Yesterday the monastery celebrated Ganesha Chaturthi with a puja and abhiskekham in Kaduval temple. After the puja, monks and devotees paraded to the river to submerge the handcrafted clay Ganeshas in the sacred waters, symbolizing Ganesha's release into universal consciousness.
Ganesha Chaturthi, also known as Vinayaka Chaturthi, is the festival day celebrating the birth of Lord Ganesha. One of the great national festivals of India, and the foremost annual festival to Ganesha, it is celebrated on the chaturthi or "fourth day" after the new moon in the Tamil month of Avani (August-September). We decorate the temple and home shrine with banana leaves, sugarcane and strings of mango leaves, making it look like a small forest. We bring baskets of fruits and sweets, especially modaka balls, and place them before the sanctum of Lord Ganesha. He receives special pujas throughout the day and often a festival parade. Each year we obtain or make a small or large soft clay image of Ganapati and use it for worship at home for two to ten days after Ganesha Chaturthi. Pandit Arunachalam notes: "In Karnataka, India, young people make a ritual of seeing 108 Vinayakas on this occasion, so they go about visiting their friends' and relatives' houses on this day. The worship of Ganesha on this day is supposed to confer advancement in learning to the young student and success in any enterprise undertaken" (Festivals of Tamil Nadu, p. 110-121).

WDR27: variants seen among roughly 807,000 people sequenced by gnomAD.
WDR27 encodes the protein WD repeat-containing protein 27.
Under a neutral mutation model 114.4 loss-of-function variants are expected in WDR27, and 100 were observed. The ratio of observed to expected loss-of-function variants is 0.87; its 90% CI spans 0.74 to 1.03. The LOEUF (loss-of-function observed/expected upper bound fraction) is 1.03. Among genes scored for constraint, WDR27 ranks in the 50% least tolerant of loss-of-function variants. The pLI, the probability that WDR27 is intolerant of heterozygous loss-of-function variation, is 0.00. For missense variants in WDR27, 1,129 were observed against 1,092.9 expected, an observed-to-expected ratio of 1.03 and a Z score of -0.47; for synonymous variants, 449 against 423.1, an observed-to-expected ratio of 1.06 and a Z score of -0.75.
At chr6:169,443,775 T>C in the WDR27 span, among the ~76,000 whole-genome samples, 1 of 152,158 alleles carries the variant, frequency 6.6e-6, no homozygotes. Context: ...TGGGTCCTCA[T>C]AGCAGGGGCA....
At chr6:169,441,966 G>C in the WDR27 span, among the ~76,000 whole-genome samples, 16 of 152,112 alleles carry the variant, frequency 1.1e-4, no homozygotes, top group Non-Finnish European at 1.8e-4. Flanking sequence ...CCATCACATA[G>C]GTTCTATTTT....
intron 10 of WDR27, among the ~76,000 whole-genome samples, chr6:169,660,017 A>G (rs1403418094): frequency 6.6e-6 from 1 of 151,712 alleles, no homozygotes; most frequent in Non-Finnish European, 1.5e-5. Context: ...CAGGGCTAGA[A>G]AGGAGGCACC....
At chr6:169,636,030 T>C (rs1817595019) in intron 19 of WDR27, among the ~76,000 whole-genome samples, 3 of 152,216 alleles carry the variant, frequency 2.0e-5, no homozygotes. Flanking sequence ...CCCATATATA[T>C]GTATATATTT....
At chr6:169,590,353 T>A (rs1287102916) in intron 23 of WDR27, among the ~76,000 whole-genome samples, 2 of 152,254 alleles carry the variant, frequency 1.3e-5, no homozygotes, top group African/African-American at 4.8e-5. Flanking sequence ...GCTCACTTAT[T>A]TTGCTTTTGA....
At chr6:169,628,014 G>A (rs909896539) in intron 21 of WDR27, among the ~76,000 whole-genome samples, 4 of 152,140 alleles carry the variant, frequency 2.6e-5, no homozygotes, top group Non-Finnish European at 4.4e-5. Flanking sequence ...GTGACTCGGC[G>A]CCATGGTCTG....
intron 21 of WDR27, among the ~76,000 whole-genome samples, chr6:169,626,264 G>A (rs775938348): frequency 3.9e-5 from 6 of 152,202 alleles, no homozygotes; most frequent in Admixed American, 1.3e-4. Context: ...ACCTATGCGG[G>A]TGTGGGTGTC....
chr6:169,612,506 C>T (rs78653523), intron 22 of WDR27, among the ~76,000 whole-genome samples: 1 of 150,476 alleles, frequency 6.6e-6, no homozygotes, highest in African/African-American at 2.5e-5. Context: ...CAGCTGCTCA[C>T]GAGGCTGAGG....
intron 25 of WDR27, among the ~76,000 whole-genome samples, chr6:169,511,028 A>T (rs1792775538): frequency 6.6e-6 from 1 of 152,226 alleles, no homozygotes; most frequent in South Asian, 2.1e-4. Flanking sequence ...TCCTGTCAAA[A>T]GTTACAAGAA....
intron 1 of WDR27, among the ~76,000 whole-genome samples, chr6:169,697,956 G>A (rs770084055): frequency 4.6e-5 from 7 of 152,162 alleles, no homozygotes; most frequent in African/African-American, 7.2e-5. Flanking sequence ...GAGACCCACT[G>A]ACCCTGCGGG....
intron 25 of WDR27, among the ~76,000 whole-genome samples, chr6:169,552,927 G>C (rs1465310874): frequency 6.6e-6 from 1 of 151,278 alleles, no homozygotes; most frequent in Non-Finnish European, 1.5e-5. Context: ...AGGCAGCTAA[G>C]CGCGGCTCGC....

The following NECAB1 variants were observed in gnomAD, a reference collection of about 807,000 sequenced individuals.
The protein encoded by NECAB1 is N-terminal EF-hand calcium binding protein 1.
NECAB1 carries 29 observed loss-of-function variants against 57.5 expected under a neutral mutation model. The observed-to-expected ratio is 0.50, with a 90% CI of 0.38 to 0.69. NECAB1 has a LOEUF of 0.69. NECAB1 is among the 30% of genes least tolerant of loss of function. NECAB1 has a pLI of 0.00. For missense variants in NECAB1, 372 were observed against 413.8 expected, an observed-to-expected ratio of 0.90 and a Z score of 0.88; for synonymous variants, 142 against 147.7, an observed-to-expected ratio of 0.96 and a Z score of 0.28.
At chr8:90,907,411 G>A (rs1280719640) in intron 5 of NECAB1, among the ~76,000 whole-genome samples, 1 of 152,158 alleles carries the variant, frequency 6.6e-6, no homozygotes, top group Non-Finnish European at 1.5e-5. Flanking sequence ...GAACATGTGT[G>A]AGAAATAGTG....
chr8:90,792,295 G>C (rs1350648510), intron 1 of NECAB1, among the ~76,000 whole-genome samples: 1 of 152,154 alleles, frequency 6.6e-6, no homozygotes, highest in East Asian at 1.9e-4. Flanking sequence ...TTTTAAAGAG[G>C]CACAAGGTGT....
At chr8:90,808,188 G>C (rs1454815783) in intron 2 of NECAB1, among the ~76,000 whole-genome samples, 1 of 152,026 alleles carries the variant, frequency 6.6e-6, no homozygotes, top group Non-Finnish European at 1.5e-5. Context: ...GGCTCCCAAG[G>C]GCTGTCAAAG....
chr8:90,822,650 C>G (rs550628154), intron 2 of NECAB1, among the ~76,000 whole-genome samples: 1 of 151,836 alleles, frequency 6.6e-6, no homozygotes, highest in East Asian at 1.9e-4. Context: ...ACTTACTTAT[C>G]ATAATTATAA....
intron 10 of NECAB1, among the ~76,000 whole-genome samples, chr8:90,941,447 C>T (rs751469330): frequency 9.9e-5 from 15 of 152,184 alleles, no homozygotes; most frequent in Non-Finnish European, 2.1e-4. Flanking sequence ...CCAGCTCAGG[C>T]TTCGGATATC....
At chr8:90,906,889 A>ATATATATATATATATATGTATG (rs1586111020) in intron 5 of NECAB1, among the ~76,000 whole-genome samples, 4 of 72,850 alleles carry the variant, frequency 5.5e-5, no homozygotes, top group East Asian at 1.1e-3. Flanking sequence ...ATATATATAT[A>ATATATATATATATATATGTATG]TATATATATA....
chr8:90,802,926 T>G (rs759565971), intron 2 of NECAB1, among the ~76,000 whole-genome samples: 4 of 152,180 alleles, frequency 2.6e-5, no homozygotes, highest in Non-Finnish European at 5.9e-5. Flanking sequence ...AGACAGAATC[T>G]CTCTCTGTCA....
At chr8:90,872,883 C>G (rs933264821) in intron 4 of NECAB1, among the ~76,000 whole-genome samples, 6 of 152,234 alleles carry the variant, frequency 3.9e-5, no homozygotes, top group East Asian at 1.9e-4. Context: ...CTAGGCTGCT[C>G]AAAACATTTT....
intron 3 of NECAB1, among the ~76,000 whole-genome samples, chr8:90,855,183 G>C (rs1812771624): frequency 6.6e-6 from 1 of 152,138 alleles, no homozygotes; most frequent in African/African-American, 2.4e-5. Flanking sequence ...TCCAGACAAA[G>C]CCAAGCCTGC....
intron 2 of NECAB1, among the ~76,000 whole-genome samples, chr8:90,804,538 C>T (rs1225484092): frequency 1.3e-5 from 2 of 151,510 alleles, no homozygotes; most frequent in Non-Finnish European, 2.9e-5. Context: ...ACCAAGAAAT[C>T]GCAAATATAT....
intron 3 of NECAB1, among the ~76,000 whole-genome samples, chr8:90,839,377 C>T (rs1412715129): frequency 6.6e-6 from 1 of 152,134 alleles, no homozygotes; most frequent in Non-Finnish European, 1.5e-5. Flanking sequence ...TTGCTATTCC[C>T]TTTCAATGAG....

Sri Arunachalam continues with a description of the Chaturthi Puja itself: "The worship, or puja, is done as usual, towards the close of the forenoon. The whole house and the entrance are decorated with kolam. Festoons are hung around the place of worship, making it into a sort of decorated mandapam, or hall. Tender coconut leaves, split and artistically designed, white in color, mango leaves dark green, lilies in white, and pink and crimson festoons present a colorful appearance. The newly made clay image is placed facing east in a convenient place in the northern part of the house on a pedestal decorated in kolam design of an eight-petalled padma (lotus flower). On the padma a small quantity of paddy (uncooked rice) is spread, and the Ganesha image is placed on it over a plantain leaf. Only white flowers are used for the worship. Aruhu and erukku are special favorites. Then all the puja rituals are gone through fully.
"Besides, the fruits of the season, such as the wood apple and jambu (naval), are also offered in plenty along with the customary plantain fruits and coconuts. Usually in the rural parts, a puja is performed again the next morning or noon (punarpuja) with fresh food offerings. In the evening, the Ganesha image is carried by the boys, along with the flowers, and consigned to a running stream or to a good water pool or tank. So, Ganesha who was shaped out of the earth, is now returned to the same earth." This is a day for rejoicing and for seeking the blessings of the Lord of Obstacles to bring wealth and success into our life.
Bodhinatha's Latest Upadesha: "How Is All Karma Finally Resolved If We Make Karma in Each Life?" (October 16, 2014)
Bodhinatha answers an interesting question: if we are making karma in each life, how can we ever possibly resolve all our karmas so that we can attain moksha? Bodhinatha reads Gurudeva's answers to this question and comments on how resolution of karma is accelerated through sadhana. (Transcript to come later.]